The state-run Anadolu Agency reported that 18 positions of the Kurdistan Workers' Party, or PKK, were raided nine F-16s and two F-4 jets in the Qandil mountains where the senior leaders of the PKK are beleived to be holed up.
It is believed that the deadly blast was carried out by two Kurdish militants. The attack took place at a bus stop on Ataturk Bulvari in the capital, close to Kizilay square and several government ministries. Turkish President Recep Tayyip Erdogan has pledged to bring "terrorism to its knees."
The private NTV news channel reported that many vehicles parked near the bus stop also caught fire following the blast. It is learned that the impact of the blast was so strong that it shattered the windows of shops located near the boulevard and the square.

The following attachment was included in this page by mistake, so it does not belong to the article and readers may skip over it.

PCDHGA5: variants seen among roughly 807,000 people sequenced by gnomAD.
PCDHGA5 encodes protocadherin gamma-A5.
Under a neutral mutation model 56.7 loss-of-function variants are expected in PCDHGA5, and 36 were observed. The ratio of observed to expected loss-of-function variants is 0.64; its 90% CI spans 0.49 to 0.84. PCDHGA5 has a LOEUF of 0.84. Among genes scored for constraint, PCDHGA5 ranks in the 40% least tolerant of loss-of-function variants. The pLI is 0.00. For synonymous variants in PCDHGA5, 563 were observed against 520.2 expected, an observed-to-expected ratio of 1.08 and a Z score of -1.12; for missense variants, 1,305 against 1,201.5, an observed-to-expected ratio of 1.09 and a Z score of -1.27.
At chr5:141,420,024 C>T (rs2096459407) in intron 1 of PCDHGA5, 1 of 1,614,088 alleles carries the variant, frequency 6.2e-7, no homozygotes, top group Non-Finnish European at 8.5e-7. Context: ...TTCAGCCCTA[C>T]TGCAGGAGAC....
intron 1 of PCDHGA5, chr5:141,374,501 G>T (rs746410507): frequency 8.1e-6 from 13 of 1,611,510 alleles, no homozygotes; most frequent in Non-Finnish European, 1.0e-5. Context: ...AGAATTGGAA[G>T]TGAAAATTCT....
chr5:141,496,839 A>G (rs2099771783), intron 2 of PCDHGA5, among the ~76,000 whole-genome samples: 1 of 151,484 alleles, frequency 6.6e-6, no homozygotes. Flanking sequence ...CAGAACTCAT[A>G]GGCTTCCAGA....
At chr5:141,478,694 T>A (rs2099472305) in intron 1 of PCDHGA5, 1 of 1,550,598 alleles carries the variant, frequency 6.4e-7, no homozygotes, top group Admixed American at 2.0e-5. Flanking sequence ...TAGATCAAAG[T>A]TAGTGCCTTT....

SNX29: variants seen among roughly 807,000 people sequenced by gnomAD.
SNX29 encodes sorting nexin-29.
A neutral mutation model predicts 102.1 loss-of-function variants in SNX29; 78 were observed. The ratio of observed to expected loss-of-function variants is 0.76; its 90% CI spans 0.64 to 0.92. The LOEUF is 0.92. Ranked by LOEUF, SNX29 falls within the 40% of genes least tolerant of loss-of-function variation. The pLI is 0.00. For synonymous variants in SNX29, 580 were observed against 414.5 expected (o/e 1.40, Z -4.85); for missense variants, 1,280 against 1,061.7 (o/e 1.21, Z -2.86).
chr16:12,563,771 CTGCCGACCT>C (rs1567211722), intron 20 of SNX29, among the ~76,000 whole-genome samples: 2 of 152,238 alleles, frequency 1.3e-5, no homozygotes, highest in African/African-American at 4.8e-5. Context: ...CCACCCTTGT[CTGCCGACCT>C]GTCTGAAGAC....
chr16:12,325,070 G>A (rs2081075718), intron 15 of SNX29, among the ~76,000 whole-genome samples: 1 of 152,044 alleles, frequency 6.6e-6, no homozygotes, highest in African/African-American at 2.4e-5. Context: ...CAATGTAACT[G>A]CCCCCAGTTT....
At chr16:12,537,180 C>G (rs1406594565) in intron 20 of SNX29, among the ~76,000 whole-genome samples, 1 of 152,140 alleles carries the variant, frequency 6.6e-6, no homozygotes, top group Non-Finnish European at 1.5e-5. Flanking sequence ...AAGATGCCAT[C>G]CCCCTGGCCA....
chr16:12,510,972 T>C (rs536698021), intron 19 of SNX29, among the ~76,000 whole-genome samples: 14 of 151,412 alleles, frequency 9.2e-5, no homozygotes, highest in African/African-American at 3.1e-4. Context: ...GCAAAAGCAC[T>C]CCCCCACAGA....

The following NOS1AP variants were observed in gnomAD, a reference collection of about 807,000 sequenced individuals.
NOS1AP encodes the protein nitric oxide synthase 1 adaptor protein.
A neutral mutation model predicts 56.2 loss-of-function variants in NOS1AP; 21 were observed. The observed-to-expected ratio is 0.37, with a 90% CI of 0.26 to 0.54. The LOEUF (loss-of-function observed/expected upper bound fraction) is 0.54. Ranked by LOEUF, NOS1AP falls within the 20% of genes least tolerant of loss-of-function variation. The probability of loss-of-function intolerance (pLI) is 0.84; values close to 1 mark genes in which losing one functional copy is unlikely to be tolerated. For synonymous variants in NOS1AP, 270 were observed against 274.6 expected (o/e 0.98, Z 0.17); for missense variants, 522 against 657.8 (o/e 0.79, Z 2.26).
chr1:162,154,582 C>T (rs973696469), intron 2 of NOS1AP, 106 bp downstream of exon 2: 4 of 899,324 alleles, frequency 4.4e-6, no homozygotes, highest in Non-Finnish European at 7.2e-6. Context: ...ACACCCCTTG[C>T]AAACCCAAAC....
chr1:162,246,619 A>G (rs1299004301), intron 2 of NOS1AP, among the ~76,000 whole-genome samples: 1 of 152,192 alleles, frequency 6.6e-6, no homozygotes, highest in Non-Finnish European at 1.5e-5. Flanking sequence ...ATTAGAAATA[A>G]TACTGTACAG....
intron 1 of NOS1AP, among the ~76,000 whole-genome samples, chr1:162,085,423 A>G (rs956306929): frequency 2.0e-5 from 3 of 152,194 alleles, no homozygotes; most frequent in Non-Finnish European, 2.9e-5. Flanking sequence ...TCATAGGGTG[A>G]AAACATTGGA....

It is notabled that a security warning was issued by the US Embassy two days ago tipping off about a potential plot to attack Turkish government buildings.
Minutes after the blast, Turkish authorities imposed a ban in order to prevent media organizations from broadcasting or publishing graphic images of the blast or from the scene.
Meanwhile, the country's pro-Kurdish party, the Peoples' Democratic Party, condemned the attack. Experts maintain that the condemnation issued by the party is important because it has often been accused of the acting as the political arm of the PKK.
Israeli Prime Minister Benjamin Netanyahu, Russian President Vladimir Putin, U.N. Secretary-General Ban Ki-moon and NATO Secretary-General Jens Stoltenberg have also condemned the deadly attack.